33. So when Megabates had taken force together with the Naxians, he sailed with the pretence of going to the Hellespont; but when he came to Chios, he directed his ships to Caucasa, in order that he might from thence pass them over to Naxos with a North Wind. Then, since it was not fated that the Naxians should be destroyed by this expedition, there happened an event which I shall narrate. As Megabates was going round to visit the guards set in the several ships, it chanced that in a ship of Myndos there was no one on guard; and he being very angry bade his spearmen find out the commander of the ship, whose name was Skylax, and bind him in an oar-hole of his ship in such a manner that his head should be outside and his body within. When Skylax was thus bound, some one reported to Aristagoras that Megabates had bound his guest-friend of Myndos and was doing to him shameful outrage. He accordingly came and asked the Persian for his release, and as he did not obtain anything of that which he requested, he went himself and let him loose. Being informed of this Megabates was exceedingly angry and broke out in rage against Aristagoras; and he replied: "What hast thou to do with these matters? Did not Artaphrenes send thee to obey me, and to sail whithersoever I should order? Why dost thou meddle with things which concern thee not?" Thus said Aristagoras; and the other being enraged at this, when night came on sent men in a ship to Naxos to declare to the Naxians all the danger that threatened them. 33. [1] παραλαβὼν δὲ ὁ Μεγαβάτης τόν τε Ἀρισταγόρεα ἐκ τῆς Μιλήτου καὶ τὴν Ἰάδα στρατιὴν καὶ τοὺς Ναξίους ἔπλεε πρόφασιν ἐπ᾽ Ἑλλησπόντου, ἐπείτε δὲ ἐγένετο ἐν Χίῳ, ἔσχε τὰς νέας ἐς Καύκασα, ὡς ἐνθεῦτεν βορέῃ ἀνέμῳ ἐς τὴν Νάξον διαβάλοι. [2] καὶ οὐ γὰρ ἔδεε τούτῳ τῷ στόλῳ Ναξίους ἀπολέσθαι, πρῆγμα τοιόνδε συνηνείχθη γενέσθαι. περιιόντος Μεγαβάτεω τὰς ἐπὶ τῶν νεῶν φυλακάς, ἐπὶ νεὸς Μυνδίης ἔτυχε οὐδεὶς φυλάσσων· ὁ δὲ δεινόν τι ποιησάμενος ἐκέλευσε τοὺς δορυφόρους ἐξευρόντας τὸν ἄρχοντα ταύτης τῆς νεός, τῷ οὔνομα ἦν Σκύλαξ, τοῦτον δῆσαι διὰ θαλαμίης διελόντας τῆς νεὸς κατὰ τοῦτο, ἔξω μὲν κεφαλὴν ποιεῦντας ἔσω δὲ τὸ σῶμα. [3] δεθέντος δὲ τοῦ Σκύλακος, ἐξαγγέλλει τις τῷ Ἀρισταγόρῃ ὅτι τὸν ξεῖνόν οἱ τὸν Μύνδιον Μεγαβάτης δήσας λυμαίνοιτο. ὃ δ᾽ ἐλθὼν παραιτέετο τὸν Πέρσην, τυγχάνων δὲ οὐδενὸς τῶν ἐδέετο, αὐτὸς ἐλθὼν ἔλυσε. πυθόμενος δὲ κάρτα δεινὸν ἐποιήσατο ὁ Μεγαβάτης καὶ ἐσπέρχετο τῷ Ἀρισταγόρῃ, [4] ὁ δὲ εἶπε «σοὶ δὲ καὶ τούτοισι τοῖσι πρήγμασι τί ἐστι; οὐ σὲ ἀπέστειλε Ἀρταφρένης ἐμέο πείθεσθαι καὶ πλέειν τῇ ἂν ἐγὼ κελεύω; τί πολλὰ πρήσσεις;» ταῦτα εἶπε ὁ Ἀρισταγόρης. ὁ δὲ θυμωθεὶς τούτοισι, ὡς νὺξ ἐγένετο, ἔπεμπε ἐς Νάξον πλοίῳ ἄνδρας φράσοντας τοῖσι Ναξίοισι πάντα τὰ παρεόντα σφι πρήγματα.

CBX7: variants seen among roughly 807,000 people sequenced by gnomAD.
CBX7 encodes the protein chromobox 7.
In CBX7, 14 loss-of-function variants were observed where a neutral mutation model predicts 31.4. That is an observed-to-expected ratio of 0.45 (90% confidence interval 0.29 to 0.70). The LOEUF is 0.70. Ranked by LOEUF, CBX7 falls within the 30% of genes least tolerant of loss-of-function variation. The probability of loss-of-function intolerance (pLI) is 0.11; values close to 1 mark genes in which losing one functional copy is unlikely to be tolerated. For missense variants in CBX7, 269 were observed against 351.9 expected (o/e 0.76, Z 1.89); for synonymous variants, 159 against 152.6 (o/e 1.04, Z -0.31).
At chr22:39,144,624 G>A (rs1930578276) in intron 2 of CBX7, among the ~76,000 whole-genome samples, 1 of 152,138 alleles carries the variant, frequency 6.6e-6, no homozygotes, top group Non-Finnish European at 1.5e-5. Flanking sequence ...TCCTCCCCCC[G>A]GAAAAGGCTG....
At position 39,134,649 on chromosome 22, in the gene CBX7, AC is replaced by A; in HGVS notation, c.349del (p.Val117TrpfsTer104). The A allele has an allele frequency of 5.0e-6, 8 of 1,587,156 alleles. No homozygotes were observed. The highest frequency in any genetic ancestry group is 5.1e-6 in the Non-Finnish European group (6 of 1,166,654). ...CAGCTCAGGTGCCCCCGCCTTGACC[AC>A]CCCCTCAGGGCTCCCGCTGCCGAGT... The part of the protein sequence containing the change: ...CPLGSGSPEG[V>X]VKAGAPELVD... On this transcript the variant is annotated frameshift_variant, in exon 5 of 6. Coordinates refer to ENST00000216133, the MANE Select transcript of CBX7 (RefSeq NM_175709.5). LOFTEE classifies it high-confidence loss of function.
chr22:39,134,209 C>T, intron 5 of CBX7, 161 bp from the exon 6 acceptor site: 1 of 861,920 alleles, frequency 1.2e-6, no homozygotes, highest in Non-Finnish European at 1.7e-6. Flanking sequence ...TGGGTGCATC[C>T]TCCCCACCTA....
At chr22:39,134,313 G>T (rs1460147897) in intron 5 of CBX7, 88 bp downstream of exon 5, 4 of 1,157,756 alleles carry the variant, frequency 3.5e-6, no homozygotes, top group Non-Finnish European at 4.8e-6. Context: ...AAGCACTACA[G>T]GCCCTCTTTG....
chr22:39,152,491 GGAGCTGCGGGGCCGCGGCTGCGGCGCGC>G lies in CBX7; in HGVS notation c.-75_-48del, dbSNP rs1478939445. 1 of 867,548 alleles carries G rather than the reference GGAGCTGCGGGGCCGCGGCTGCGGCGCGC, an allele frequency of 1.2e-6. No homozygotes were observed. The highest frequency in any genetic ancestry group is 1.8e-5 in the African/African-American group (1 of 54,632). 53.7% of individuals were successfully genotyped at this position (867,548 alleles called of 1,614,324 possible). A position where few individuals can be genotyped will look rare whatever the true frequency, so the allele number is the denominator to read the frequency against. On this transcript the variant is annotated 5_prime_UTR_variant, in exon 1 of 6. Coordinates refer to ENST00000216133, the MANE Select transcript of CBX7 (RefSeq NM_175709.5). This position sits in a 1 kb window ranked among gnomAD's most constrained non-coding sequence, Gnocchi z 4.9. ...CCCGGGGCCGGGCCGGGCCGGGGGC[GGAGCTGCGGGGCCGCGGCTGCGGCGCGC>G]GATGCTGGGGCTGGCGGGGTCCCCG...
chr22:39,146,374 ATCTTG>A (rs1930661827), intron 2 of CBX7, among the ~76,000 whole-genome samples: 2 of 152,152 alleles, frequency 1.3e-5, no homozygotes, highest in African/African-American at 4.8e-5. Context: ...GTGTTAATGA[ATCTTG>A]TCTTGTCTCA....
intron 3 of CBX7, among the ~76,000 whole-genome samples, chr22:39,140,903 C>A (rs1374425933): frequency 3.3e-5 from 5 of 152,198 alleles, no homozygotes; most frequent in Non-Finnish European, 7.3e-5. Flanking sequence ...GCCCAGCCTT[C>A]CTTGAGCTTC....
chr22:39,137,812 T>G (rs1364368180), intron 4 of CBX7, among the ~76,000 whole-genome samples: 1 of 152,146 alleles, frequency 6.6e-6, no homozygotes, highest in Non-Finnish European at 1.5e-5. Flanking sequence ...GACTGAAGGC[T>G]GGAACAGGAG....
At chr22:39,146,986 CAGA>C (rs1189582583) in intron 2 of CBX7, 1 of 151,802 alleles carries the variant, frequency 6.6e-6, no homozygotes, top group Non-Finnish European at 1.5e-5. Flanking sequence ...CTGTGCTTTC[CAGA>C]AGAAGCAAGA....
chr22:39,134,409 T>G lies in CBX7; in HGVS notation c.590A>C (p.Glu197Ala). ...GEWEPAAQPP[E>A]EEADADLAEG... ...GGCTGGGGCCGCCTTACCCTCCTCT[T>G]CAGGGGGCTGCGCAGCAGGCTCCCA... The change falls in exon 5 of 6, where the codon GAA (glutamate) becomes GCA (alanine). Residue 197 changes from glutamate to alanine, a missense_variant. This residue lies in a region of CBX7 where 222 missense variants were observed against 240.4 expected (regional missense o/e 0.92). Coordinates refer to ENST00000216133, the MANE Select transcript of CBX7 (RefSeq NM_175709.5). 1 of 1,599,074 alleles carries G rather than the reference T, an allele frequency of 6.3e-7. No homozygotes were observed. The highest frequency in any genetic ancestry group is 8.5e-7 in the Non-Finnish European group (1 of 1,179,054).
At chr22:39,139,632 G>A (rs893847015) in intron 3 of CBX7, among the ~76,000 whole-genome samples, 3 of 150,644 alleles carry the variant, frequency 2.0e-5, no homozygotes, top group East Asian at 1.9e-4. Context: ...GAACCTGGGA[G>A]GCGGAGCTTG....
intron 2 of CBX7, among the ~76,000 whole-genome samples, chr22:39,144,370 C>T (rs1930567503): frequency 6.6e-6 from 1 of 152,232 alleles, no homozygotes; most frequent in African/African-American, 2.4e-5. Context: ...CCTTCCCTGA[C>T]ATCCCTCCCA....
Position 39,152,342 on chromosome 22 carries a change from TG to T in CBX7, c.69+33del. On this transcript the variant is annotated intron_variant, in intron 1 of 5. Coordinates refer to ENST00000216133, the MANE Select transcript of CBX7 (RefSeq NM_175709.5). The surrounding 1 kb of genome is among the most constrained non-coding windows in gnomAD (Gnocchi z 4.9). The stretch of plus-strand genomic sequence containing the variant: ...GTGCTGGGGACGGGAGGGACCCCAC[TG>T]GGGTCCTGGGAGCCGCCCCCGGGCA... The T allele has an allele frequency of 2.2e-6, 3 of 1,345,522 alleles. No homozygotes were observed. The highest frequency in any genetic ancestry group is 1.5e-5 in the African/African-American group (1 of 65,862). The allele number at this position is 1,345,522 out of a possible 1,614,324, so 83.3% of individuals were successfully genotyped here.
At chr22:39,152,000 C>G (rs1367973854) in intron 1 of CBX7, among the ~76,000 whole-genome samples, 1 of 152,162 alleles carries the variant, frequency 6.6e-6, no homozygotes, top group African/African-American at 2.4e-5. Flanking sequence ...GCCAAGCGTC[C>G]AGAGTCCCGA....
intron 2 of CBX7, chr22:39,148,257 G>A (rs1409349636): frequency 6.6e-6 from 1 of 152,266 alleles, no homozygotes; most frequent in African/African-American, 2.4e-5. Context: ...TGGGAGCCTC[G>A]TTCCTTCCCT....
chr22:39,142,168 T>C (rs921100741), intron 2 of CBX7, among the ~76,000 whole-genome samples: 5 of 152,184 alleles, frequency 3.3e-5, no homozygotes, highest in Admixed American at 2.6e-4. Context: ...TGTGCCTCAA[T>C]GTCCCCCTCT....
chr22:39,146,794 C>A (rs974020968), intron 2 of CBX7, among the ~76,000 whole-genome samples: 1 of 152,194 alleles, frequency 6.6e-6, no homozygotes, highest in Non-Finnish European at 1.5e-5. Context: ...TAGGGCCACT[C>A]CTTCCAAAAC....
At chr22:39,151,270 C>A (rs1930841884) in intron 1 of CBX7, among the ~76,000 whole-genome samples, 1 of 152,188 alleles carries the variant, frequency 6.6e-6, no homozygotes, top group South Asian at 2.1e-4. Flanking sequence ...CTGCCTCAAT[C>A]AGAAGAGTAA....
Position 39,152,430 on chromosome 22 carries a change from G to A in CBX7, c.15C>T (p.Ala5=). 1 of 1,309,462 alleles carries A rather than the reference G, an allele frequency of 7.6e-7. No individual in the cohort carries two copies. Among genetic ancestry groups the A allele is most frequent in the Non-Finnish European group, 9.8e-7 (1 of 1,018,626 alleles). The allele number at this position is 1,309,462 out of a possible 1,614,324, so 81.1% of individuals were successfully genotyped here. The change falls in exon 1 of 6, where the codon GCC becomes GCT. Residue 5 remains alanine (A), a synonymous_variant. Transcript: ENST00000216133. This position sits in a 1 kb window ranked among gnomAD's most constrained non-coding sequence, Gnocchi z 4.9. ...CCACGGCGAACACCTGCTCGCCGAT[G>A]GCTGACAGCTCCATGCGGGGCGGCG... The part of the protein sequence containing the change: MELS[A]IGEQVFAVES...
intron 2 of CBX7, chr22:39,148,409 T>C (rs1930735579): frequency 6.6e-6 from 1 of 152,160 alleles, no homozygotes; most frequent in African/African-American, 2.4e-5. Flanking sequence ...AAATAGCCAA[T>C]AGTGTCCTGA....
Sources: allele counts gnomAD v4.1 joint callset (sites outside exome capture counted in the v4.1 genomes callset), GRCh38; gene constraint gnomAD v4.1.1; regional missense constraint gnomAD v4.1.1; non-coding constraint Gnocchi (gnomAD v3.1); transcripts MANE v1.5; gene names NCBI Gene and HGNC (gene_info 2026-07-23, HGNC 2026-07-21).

34. For the Naxians were not at all expecting that this expedition would be against them: but when they were informed of it, forthwith they brought within the wall the property which was in the fields, and provided for themselves food and drink as for a siege, and strengthened their wall. These then were making preparations as for war to come upon them; and the others meanwhile having passed their ships over from Chios to Naxos, found them well defended when they made their attack, and besieged them for four months. Then when the money which the Persians had brought with them had all been consumed by them, and not only that, but Aristagoras himself had spent much in addition, and the siege demanded ever more and more, they built walls for the Naxian exiles and departed to the mainland again with ill success. 34. [1] οἱ γὰρ ὦν Νάξιοι οὐδὲν πάντως προσεδέκοντο ἐπὶ σφέας τὸν στόλον τοῦτον ὁρμήσεσθαι. ἐπεὶ μέντοι ἐπύθοντο, αὐτίκα μὲν ἐσηνείκαντο τὰ ἐκ τῶν ἀγρῶν ἐς τὸ τεῖχος, παρεσκευάσαντο δὲ ὡς πολιορκησόμενοι καὶ σῖτα καὶ ποτά, καὶ τὸ τεῖχος ἐσάξαντο. [2] καὶ οὗτοι μὲν παρεσκευάζοντο ὡς παρεσομένου σφι πολέμου· οἳ δ᾽ ἐπείτε διέβαλον ἐκ τῆς Χίου τὰς νέας ἐς τὴν Νάξον, πρὸς πεφραγμένους προσεφέροντο καὶ ἐπολιόρκεον μῆνας τέσσερας. [3] ὡς δὲ τά τε ἔχοντες ἦλθον χρήματα οἱ Πέρσαι, ταῦτα κατεδεδαπάνητό σφι, καὶ αὐτῷ τῷ Ἀρισταγόρῃ προσαναισίμωτο πολλά, τοῦ πλεῦνός τε ἐδέετο ἡ πολιορκίη, ἐνθαῦτα τείχεα τοῖσι φυγάσι τῶν Ναξίων οἰκοδομήσαντες ἀπαλλάσσοντο ἐς τὴν ἤπειρον κακῶς πρήσσοντες.